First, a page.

The monetarist approach to bringing inflation under control is simple: reduce money supply and raise interest rates. So should the RBI now tighten monetary policy to control inflation? When the rate of economic growth was comfortable, the RBI only had to worry about inflation and could tighten monetary policy if necessary. When growth is low, as at present, a higher interest rate may help to reduce liquidity and lower price rise, but it would hurt the industry further.

To turn the industrial slowdown into a full-blown recession, perhaps all that needs to be done today is to raise interest rates. So tightening money may not be an attractive proposition. Also, RBI Governor Bimal Jalan has promised that interest rates will not be changed and that inflation cannot be the only objective of the central bank. This indicates that the RBI is unlikely to tighten monetary policy.

Deficit financing to reconcile the policy conflict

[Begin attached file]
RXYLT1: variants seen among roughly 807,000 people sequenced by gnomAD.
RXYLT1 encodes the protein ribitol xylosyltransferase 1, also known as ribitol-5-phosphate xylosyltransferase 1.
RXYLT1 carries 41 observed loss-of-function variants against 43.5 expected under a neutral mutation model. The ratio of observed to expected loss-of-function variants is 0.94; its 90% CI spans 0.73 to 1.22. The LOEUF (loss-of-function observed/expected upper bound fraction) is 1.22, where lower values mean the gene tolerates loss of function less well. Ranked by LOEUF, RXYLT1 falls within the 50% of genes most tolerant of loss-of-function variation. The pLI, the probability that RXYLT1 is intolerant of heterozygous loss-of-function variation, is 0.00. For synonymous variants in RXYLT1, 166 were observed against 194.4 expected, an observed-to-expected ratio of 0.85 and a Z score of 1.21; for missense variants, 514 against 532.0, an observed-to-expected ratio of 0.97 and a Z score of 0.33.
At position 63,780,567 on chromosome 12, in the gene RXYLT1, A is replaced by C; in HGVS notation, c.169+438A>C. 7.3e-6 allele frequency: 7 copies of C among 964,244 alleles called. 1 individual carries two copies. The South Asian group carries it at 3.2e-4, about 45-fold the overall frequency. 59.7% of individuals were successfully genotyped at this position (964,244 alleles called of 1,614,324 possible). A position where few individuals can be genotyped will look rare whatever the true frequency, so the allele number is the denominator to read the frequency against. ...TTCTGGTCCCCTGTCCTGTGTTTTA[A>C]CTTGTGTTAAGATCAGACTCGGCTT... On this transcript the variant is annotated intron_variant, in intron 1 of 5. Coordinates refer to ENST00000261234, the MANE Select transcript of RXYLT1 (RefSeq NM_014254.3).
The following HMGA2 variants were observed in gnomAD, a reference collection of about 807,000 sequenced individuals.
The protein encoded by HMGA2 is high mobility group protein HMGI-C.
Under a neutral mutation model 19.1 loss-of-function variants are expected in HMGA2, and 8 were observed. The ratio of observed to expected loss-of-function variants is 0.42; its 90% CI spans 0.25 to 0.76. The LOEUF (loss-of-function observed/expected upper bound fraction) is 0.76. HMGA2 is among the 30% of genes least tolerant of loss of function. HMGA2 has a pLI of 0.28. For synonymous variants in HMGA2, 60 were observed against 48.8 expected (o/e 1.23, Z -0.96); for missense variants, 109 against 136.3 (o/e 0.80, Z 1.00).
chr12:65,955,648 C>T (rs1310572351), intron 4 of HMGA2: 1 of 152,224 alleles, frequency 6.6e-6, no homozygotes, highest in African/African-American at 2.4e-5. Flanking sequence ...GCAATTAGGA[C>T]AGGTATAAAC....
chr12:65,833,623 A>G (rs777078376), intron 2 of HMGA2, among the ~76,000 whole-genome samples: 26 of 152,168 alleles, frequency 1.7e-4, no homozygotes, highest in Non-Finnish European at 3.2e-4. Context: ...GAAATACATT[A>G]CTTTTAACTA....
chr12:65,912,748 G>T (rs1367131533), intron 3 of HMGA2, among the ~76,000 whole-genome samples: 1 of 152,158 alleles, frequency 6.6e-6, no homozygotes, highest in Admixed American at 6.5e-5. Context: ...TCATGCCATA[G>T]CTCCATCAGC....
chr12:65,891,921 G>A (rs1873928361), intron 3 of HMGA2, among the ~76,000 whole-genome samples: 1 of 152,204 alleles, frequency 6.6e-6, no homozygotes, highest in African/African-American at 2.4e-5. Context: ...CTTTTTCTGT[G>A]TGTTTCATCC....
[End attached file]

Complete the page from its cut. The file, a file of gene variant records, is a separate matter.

But what about fiscal policy, then? What policy choices does the government have, particularly in terms of financing the deficit?

Let us for the moment assume that the Finance Ministry uses every possible means to keep the deficit under control. But there will still be a policy conflict between controlling inflation and raising growth. The larger the market borrowings of the government, the higher would be the pressure on interest rates.

The alternative is monetisation of a part of the debt or deficit financing, as it is popularly known in India. The government could borrow from the RBI or, in other words, print money. By reducing the share of financial savings being pre-empted by the government, monetisation frees up resources that can be lent to the private sector. It not only reduces the interest burden on old debt by lowering rates, it reduces the real debt as prices are higher. It raises GDP as more and more projects become attractive when interest rates fall.

Also, given that the current underlying inflation rate is still low, deficit financing may not translate into an increase in prices for a long time. There is usually a time lag involved in the transmission of monetary policy. One would hope that the time it takes for higher money supply to translate into higher prices is long enough so that deficit financing starts pushing up prices, if it does, only after the current supply shock inflationary phase is over.

Monetisation may be the last option available to the FM